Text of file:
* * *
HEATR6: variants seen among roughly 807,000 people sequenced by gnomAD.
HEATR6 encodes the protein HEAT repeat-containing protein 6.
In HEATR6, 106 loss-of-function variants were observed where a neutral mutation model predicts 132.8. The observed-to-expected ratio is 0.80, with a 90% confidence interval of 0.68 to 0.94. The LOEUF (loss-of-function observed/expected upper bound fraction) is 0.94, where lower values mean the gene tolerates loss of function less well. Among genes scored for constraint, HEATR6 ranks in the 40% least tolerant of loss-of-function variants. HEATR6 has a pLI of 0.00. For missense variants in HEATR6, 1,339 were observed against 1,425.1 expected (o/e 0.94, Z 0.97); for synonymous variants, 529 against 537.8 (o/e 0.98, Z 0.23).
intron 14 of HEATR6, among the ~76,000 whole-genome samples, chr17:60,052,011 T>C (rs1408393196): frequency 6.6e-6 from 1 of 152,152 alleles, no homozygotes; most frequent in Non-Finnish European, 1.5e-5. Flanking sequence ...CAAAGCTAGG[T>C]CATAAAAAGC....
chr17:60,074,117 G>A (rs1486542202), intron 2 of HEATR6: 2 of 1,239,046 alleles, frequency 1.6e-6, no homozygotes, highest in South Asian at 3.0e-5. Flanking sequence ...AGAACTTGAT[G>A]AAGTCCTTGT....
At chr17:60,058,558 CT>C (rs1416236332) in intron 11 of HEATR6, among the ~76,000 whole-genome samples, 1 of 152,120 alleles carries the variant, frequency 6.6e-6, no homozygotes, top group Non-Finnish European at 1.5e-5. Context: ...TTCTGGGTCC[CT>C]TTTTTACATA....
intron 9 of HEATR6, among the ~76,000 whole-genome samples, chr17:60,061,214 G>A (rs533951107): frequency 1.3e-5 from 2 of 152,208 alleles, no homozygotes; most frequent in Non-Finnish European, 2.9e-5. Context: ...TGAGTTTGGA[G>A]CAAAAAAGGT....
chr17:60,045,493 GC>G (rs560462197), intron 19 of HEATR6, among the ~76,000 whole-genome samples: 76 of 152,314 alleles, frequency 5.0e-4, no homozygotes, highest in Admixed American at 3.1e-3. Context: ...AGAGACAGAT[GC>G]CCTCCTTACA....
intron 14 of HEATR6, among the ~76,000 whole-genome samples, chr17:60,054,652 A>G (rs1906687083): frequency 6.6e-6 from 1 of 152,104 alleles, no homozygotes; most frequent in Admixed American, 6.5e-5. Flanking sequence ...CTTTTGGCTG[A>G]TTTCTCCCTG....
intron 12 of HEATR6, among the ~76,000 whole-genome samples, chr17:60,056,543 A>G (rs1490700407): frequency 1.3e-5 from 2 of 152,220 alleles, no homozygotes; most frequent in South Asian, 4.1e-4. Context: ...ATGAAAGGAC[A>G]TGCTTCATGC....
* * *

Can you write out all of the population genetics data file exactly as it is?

HEATR6: variants seen among roughly 807,000 people sequenced by gnomAD.
HEATR6 encodes the protein HEAT repeat-containing protein 6.
In HEATR6, 106 loss-of-function variants were observed where a neutral mutation model predicts 132.8. The observed-to-expected ratio is 0.80, with a 90% confidence interval of 0.68 to 0.94. The LOEUF (loss-of-function observed/expected upper bound fraction) is 0.94, where lower values mean the gene tolerates loss of function less well. Among genes scored for constraint, HEATR6 ranks in the 40% least tolerant of loss-of-function variants. HEATR6 has a pLI of 0.00. For missense variants in HEATR6, 1,339 were observed against 1,425.1 expected (o/e 0.94, Z 0.97); for synonymous variants, 529 against 537.8 (o/e 0.98, Z 0.23).
intron 14 of HEATR6, among the ~76,000 whole-genome samples, chr17:60,052,011 T>C (rs1408393196): frequency 6.6e-6 from 1 of 152,152 alleles, no homozygotes; most frequent in Non-Finnish European, 1.5e-5. Flanking sequence ...CAAAGCTAGG[T>C]CATAAAAAGC....
chr17:60,074,117 G>A (rs1486542202), intron 2 of HEATR6: 2 of 1,239,046 alleles, frequency 1.6e-6, no homozygotes, highest in South Asian at 3.0e-5. Flanking sequence ...AGAACTTGAT[G>A]AAGTCCTTGT....
At chr17:60,058,558 CT>C (rs1416236332) in intron 11 of HEATR6, among the ~76,000 whole-genome samples, 1 of 152,120 alleles carries the variant, frequency 6.6e-6, no homozygotes, top group Non-Finnish European at 1.5e-5. Context: ...TTCTGGGTCC[CT>C]TTTTTACATA....
intron 9 of HEATR6, among the ~76,000 whole-genome samples, chr17:60,061,214 G>A (rs533951107): frequency 1.3e-5 from 2 of 152,208 alleles, no homozygotes; most frequent in Non-Finnish European, 2.9e-5. Context: ...TGAGTTTGGA[G>A]CAAAAAAGGT....
chr17:60,045,493 GC>G (rs560462197), intron 19 of HEATR6, among the ~76,000 whole-genome samples: 76 of 152,314 alleles, frequency 5.0e-4, no homozygotes, highest in Admixed American at 3.1e-3. Context: ...AGAGACAGAT[GC>G]CCTCCTTACA....
intron 14 of HEATR6, among the ~76,000 whole-genome samples, chr17:60,054,652 A>G (rs1906687083): frequency 6.6e-6 from 1 of 152,104 alleles, no homozygotes; most frequent in Admixed American, 6.5e-5. Flanking sequence ...CTTTTGGCTG[A>G]TTTCTCCCTG....
intron 12 of HEATR6, among the ~76,000 whole-genome samples, chr17:60,056,543 A>G (rs1490700407): frequency 1.3e-5 from 2 of 152,220 alleles, no homozygotes; most frequent in South Asian, 4.1e-4. Context: ...ATGAAAGGAC[A>G]TGCTTCATGC....